Easter, 1916 is a reflection on the events surrounding the Easter Rising, an armed insurrection that began in Dublin, Ireland on Easter Monday, April 24, 1916. A small number of labor leaders and political revolutionaries occupied government buildings and factories, proclaiming a new independent Irish Republic. At this time in history, Ireland was under British rule. After the Rising, the leaders were executed by firing squad. William Butler Yeats wrote about their deaths in the poem ‘Sixteen Dead Men.’
Easter, 1916 opens with Yeats remembering the rebels as he passed them on the street. Before the Rising, they were just ordinary people who worked in shops and offices. He remembers his childhood friend Constance Markievicz, who is “that woman”; the Irish language teacher Padraic Pearse, who “kept a school” called St. Enda’s; the poet Thomas MacDonagh “helper and friend” to Pearse; and even Yeats’s own rival in love John MacBride, “a drunken, vainglorious lout.” After reflecting on the rebels’ constancy of purpose, as if their hearts were “enchanted to a stone,” the poet wonders whether the rebellion was worth it. The poem ends on a note of ambivalence and futility, reflecting Yeats’s own reluctance to engage in political debate. The poem is divided into four stanzas, symbolizing the month of April, the fourth month. It is known for its famous refrain, “All changed, changed utterly: A terrible beauty is born.”
Analysis of Easter, 1916
I have met them at close of day
Coming with vivid faces
From counter or desk among grey
I have passed with a nod of the head
Or polite meaningless words,
Or have lingered awhile and said
Polite meaningless words,
And thought before I had done
Of a mocking tale or a gibe
To please a companion
Around the fire at the club,
Being certain that they and I
But lived where motley is worn:
All changed, changed utterly:
A terrible beauty is born.
The first stanza describes Dublin, where the revolutionaries lived and worked. Dublin is known for its “eighteenth-century houses,” rows of connected and identical four-story brick homes, each doorway made distinctive by “fan light” windows. Yeats himself lived in one such house, at 82 Merrion Square.
In this stanza of Easter, 1916 not much happens other than remembering how he and the rebels exchanged pleasantries on the street or talked at the “club.” The club was a traditional gentleman’s social meeting place open to members only. It was part of a fashionable English upper-class tradition and the revolutionaries were not members. Yeats admits that he belittled the earnest rebels to his companions at the club.
One should also take note of the language Yeats chose to use in these lines. His writing is commonly associated with flowery language, and very traditionally poetic-sounding verses. This is not the case here. The lines are simplified, just as his speech is to these revolutionaries. There are certain phrases, such as ” mocking tale or a gibe” which also speak to the poet’s tone towards the subjects. These words in particular are intentionally strange and are meant to make a reader question why they are being used. It is clear Yeats, or at least his speaker, has a difficult and complicated relationship with the Rising and those who participated.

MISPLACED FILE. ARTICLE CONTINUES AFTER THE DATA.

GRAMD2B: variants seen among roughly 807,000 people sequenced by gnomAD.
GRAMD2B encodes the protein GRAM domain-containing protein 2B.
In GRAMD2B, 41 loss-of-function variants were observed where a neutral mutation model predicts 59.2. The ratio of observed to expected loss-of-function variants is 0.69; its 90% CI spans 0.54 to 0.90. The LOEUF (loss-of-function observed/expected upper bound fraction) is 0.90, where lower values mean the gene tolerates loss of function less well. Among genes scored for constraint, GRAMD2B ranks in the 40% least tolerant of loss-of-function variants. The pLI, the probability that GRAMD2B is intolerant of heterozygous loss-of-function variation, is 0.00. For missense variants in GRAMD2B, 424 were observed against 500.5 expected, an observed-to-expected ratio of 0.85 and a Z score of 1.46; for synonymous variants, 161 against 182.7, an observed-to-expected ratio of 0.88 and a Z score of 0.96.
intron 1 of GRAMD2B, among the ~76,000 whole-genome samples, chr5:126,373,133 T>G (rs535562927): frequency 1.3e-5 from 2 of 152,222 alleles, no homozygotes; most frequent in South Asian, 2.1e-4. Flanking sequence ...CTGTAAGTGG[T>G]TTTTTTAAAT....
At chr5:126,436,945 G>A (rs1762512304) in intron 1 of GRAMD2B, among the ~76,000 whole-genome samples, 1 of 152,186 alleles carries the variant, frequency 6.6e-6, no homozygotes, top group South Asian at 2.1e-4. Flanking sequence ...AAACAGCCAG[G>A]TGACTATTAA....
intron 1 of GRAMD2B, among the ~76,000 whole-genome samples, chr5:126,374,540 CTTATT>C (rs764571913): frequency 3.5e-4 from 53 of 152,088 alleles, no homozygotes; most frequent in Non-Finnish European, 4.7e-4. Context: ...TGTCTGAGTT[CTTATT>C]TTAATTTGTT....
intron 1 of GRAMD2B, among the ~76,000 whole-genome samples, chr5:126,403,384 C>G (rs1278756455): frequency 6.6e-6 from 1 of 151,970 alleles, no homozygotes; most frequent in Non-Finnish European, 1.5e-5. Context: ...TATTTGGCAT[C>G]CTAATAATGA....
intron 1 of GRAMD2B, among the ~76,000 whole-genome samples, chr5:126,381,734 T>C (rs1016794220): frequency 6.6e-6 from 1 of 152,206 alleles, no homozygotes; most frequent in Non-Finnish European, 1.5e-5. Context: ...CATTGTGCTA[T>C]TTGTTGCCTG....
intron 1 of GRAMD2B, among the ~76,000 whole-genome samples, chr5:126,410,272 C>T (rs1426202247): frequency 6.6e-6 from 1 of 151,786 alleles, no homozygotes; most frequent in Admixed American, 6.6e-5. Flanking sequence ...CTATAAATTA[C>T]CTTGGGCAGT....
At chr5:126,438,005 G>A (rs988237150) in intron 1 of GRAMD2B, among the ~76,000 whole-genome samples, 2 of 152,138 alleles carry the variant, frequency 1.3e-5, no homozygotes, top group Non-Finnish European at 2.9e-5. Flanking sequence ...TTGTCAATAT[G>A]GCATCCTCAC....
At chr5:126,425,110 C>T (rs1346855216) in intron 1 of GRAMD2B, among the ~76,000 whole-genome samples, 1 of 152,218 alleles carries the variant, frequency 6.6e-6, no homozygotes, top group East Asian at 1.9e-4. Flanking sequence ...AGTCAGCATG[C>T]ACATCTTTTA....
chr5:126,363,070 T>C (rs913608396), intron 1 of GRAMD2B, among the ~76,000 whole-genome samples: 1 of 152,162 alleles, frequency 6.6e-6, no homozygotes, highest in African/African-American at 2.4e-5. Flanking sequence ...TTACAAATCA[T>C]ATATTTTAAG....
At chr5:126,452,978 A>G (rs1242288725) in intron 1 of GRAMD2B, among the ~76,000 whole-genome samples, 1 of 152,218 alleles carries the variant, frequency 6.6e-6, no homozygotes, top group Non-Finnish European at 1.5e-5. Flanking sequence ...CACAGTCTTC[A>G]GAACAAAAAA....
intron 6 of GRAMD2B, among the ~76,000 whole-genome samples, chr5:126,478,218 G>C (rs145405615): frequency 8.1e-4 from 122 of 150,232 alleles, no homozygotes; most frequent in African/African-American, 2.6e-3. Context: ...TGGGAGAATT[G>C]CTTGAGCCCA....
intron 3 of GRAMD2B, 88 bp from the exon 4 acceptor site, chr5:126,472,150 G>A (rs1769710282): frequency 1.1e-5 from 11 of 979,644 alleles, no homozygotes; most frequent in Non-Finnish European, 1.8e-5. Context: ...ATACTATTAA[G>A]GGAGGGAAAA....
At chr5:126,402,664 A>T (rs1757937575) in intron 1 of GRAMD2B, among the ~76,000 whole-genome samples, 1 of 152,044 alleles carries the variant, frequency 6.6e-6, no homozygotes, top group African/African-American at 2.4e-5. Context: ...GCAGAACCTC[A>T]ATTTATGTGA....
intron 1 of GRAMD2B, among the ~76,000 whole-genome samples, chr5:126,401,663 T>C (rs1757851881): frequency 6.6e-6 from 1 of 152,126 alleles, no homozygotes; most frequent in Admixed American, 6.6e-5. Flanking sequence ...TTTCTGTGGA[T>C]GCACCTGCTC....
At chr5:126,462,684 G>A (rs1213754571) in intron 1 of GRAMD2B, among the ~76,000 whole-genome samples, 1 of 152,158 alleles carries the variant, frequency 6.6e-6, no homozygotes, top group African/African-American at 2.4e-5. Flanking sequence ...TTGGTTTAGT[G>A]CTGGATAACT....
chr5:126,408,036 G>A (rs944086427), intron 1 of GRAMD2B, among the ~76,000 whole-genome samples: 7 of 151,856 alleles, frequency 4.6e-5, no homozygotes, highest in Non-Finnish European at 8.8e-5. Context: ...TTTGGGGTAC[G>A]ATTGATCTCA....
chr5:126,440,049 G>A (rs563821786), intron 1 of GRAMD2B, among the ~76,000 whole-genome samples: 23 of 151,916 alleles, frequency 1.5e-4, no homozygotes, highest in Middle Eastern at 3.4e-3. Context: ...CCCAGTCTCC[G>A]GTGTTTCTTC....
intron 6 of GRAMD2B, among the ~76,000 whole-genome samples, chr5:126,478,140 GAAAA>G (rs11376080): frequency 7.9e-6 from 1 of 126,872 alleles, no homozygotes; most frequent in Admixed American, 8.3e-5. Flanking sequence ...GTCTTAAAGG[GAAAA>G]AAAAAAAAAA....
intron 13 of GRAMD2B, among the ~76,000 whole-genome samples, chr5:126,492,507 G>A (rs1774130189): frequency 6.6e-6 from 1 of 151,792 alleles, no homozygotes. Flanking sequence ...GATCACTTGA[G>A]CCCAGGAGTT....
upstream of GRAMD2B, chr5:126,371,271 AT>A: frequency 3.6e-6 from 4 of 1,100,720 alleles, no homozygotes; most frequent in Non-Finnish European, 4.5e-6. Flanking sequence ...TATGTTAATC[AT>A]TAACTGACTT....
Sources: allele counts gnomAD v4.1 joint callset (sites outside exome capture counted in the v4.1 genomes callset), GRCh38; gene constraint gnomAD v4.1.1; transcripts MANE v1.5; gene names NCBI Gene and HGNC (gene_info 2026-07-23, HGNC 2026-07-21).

Toward the end of the stanza, Yeats introduces the subtle, but powerful, metaphor of “motley.” To wear motley is to wear different colors combined. The people of Dublin could be said to be a “motley” group in 1916: they were Catholic and Protestant, Irish in spirit but English in terms of citizenship, poor and rich. Here Yeats is making use of metonymy, or the creation of a relationship between an object and something closely related to it. In this case, Yeats’ beliefs about the clothes and their silly, multicolored designs, are transferred to the lives of those wearing them.
The River Liffey divides Dublin; many of the rebels worked on the poorer north side of the city. Court jesters also traditionally wore motley, and Yeats is likely also referring to the tradition of the “stage Irishman,” a comic figure in English plays, usually portrayed as being drunk. The poet thought the rebels were like these ridiculous jesters and once mocked their dreams. This one word encapsulates the social, political, and cultural situation of Dublin in 1916.
The stanza ends with the refrain that will mark all the stanzas of the poem, the oxymoron: “a terrible beauty is born.” Terrible and beauty are opposite sentiments and speak to the concept of the “sublime” in which horror and beauty can exist simultaneously. It is usually experienced from afar. This could be said for Yeats’ perspective on the Rising. The Easter Rising was terrible because of its violence and loss of life, but the beauty was in the dream of independence, a “wingèd horse” of romantic imagination.
That woman’s days were spent
In ignorant good-will,
Her nights in argument
Until her voice grew shrill.
What voice more sweet than hers
When, young and beautiful,
She rode to harriers?
This man had kept a school
And rode our wingèd horse;
This other his helper and friend
Was coming into his force;
He might have won fame in the end,
So sensitive his nature seemed,
So daring and sweet his thought.
This other man I had dreamed
A drunken, vainglorious lout.
He had done most bitter wrong
To some who are near my heart,
Yet I number him in the song;
He, too, has resigned his part
In the casual comedy;
He, too, has been changed in his turn,
A terrible beauty is born.
In the second stanza of Easter, 1916, Yeats begins to name the rebels by their social roles. Their names will be listed directly in the fourth and final stanza of the poem. The people Yeats mentions in the text are actual historical figures. He remembers that Constance Markievicz, one of the leaders of the Easter Uprising. She is known to have designed the Citizen Army uniform. He states that she was sweeter before arguing for Irish independence. This is seen through the second instance of metonymy in which her “shrill” voice is compared to her femininity. She used to ride horses and hunt rabbits, but then she got involved via her husband, in the Rising.